The Cutadapt source code is on GitHub. Cutadapt is written in Python 3 with some extension modules that are written in Cython. Support for Python 2 has been dropped.
For development, make sure that you install Cython and tox. We also recommend using a virtualenv. This sequence of commands should work:
git clone https://github.com/marcelm/cutadapt.git # or clone your own fork cd cutadapt python3 -m venv venv venv/bin/pip3 install Cython pytest nose tox venv/bin/pip3 install -e .
Then you can run Cutadapt like this (or activate the virtualenv and omit the
The tests can then be run like this:
Or with tox (but then you will need to have binaries for all tested Python versions installed):
Making a release¶
Since version 1.17, Travis CI is used to automatically deploy a new Cutadapt release (both as an sdist and as wheels) whenever a new tag is pushed to the Git repository.
Cutadapt uses setuptools_scm to automatically manage version numbers. This means that the version is not stored in the source code but derived from the most recent Git tag. The following procedure can be used to bump the version and make a new release.
CHANGES.rst(version number and list of changes)
Ensure you have no uncommitted changes in the working copy.
tox, ensuring all tests pass.
Tag the current commit with the version number (there must be a
git tag v0.1
To release a development version, use a
devversion number such as
v1.17.dev1. Users will not automatically get these unless they use
pip install --pre.
Push the tag:
git push --tags
Wait for Travis to finish and to deploy to PyPI.
The bioconda recipe also needs to be updated, but the bioconda bot will likely do this automatically if you just wait a little while.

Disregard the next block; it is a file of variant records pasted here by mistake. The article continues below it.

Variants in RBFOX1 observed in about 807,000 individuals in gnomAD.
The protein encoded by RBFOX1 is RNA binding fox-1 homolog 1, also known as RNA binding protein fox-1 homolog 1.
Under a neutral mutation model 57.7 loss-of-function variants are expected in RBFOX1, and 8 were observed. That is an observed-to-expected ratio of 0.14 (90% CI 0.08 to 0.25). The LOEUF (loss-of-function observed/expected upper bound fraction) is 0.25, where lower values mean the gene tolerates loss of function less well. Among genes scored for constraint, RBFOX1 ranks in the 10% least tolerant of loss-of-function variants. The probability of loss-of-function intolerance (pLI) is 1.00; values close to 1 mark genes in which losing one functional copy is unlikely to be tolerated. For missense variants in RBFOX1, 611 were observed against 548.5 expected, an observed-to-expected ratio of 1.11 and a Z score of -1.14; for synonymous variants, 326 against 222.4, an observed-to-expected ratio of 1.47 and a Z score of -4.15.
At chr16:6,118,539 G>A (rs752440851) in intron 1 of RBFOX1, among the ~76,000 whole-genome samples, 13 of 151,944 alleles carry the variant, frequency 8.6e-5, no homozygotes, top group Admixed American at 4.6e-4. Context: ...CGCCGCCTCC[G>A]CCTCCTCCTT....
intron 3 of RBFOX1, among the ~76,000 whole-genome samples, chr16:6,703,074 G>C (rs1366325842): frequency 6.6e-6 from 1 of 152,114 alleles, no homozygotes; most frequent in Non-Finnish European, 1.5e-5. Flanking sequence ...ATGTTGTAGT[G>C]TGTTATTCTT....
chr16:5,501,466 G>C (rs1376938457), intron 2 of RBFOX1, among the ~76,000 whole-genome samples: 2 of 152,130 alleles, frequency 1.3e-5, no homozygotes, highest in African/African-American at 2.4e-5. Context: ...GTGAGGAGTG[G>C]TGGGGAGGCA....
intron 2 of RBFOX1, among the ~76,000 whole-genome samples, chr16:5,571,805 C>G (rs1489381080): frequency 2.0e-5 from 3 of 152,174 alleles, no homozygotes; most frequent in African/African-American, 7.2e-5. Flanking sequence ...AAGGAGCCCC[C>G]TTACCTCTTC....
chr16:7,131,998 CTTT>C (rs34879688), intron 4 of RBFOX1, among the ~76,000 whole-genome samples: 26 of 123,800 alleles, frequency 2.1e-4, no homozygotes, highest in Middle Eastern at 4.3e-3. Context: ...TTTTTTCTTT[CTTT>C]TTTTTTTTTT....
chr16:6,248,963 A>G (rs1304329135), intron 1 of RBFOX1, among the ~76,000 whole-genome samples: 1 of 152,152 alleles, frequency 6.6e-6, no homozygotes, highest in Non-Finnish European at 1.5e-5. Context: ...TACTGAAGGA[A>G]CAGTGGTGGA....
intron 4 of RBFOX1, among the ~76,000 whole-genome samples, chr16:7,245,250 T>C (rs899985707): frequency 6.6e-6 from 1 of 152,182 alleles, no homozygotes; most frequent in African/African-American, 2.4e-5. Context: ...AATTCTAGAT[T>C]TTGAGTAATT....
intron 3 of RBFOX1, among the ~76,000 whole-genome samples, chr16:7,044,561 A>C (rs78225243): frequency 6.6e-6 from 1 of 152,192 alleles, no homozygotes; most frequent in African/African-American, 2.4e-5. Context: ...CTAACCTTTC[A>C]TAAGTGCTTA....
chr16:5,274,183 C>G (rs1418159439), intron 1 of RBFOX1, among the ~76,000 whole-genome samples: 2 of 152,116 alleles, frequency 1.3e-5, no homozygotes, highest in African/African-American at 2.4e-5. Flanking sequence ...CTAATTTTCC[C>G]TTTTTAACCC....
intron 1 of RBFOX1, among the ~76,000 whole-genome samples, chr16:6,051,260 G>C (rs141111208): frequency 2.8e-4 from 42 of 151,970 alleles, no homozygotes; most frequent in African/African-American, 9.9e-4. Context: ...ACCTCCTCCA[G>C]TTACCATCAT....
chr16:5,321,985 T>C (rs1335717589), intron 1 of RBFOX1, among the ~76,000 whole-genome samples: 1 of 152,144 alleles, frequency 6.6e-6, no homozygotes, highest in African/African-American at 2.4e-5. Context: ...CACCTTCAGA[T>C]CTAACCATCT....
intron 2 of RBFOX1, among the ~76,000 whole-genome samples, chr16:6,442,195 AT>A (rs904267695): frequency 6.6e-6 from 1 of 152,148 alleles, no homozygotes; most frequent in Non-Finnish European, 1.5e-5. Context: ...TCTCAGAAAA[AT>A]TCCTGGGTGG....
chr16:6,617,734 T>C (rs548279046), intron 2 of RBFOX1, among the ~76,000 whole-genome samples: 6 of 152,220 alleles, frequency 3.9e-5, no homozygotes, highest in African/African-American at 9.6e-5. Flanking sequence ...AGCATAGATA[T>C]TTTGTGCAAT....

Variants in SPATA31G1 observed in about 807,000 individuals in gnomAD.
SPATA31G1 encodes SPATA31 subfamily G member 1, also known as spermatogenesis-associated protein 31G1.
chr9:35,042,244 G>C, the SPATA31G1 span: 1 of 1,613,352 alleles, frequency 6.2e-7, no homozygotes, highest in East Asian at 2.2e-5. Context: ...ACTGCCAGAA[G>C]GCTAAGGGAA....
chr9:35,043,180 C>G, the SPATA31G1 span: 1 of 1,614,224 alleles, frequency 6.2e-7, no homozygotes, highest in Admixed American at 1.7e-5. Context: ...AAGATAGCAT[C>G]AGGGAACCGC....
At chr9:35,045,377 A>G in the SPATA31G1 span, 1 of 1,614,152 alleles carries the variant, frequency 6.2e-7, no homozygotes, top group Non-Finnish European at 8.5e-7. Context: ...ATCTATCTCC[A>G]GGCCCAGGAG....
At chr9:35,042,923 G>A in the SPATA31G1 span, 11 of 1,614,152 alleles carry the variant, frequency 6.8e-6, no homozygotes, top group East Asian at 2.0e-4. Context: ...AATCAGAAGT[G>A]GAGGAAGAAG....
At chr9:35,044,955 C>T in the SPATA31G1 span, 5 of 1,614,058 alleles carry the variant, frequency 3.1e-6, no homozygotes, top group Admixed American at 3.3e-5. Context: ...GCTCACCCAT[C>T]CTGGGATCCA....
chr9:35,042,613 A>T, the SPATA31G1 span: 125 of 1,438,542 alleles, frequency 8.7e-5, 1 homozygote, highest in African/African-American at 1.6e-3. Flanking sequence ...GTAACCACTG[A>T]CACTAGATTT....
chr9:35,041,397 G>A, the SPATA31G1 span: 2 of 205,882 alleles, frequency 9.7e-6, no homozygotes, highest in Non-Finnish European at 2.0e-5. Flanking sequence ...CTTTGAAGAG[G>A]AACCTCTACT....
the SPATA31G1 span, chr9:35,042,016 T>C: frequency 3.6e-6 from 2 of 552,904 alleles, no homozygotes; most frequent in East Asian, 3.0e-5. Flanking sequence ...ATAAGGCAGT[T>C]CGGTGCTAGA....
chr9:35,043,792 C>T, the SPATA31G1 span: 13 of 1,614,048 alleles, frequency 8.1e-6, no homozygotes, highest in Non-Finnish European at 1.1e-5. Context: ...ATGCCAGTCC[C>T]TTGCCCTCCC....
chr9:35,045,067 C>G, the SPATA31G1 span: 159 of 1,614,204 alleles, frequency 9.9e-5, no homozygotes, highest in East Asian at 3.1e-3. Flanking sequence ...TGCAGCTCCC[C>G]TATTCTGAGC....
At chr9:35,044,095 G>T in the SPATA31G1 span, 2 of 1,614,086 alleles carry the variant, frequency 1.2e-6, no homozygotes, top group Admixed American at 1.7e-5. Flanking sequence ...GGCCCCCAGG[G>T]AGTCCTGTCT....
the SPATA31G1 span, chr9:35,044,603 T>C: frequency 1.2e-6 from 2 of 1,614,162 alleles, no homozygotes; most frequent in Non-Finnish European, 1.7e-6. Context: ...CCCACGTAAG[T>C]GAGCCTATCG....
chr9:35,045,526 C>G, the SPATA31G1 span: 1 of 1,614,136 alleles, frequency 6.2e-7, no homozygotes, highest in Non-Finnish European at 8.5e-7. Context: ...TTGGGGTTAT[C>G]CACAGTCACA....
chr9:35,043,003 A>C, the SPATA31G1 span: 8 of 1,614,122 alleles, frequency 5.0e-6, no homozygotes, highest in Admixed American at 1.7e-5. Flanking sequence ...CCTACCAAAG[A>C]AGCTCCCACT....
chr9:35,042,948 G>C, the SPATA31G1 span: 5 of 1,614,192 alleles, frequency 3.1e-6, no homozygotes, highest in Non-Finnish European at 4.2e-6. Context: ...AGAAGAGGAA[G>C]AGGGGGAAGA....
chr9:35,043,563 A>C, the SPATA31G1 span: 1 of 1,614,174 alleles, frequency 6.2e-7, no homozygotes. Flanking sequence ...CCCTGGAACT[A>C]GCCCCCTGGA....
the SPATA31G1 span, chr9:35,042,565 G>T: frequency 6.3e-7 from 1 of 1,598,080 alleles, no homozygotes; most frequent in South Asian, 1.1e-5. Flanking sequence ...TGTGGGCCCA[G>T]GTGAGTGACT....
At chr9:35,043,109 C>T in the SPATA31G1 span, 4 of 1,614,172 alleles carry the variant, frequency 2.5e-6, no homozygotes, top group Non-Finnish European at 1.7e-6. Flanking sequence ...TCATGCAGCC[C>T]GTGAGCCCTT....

Ensure that the list of dependencies (the
requirements:section in the recipe) is in sync with the
If something went wrong after a version has already been tagged and published to PyPI, fix the problem and tag a new version. Do not change a version that has already been uploaded.
Contributions to Cutadapt in the form of source code or documentation improvements or helping out with responding to issues are welcome!
To contribute to Cutadapt development, it is easiest to send in a pull request (PR) on GitHub.
Here are some guidelines for how to do this. They are not strict rules. When in doubt, send in a PR and we will sort it out.
- Limit a PR to a single topic. Submit multiple PRs if necessary. This way, it is easier to discuss the changes individually, and in case we find that one of them should not go in, the others can still be accepted.
- For larger changes, consider opening an issue first to plan what you want to do.
- Include appropriate unit or integration tests. Sometimes, tests are hard to write or don’t make sense. If you think this is the case, just leave the tests out initially and we can discuss whether to add any.
- Add documentation and a changelog entry if appropriate.
- Cutadapt tries to follow PEP8, except that the allowed line length is 100 characters, not 80. But try to wrap comments after 80 characters.
- There are inconsistencies in the current code base since it’s a few years old already. New code should follow the current rules, however.
- At the moment, no automatic code formatting is done, but one idea might be to switch to the black <https://black.readthedocs.io/> code formatter at some point. If you’re familiar with its style, you can use that already now for new code to make the diff smaller.
- Prefer double quotation marks in new code. This will also make the diff smaller if we eventually switch to black.
- Using an IDE is beneficial (PyCharm, for example). It helps to catch lots of style issues early (unused imports, spacing etc.).
- Avoid unnecessary abbreviations for variable names. Code is more often read than written.
- When writing a help text for a new command-line option, look at the output of
cutadapt --helpand try to make it look nice and short.
- In comments and documentation, capitalize FASTQ, BWA, CPU etc.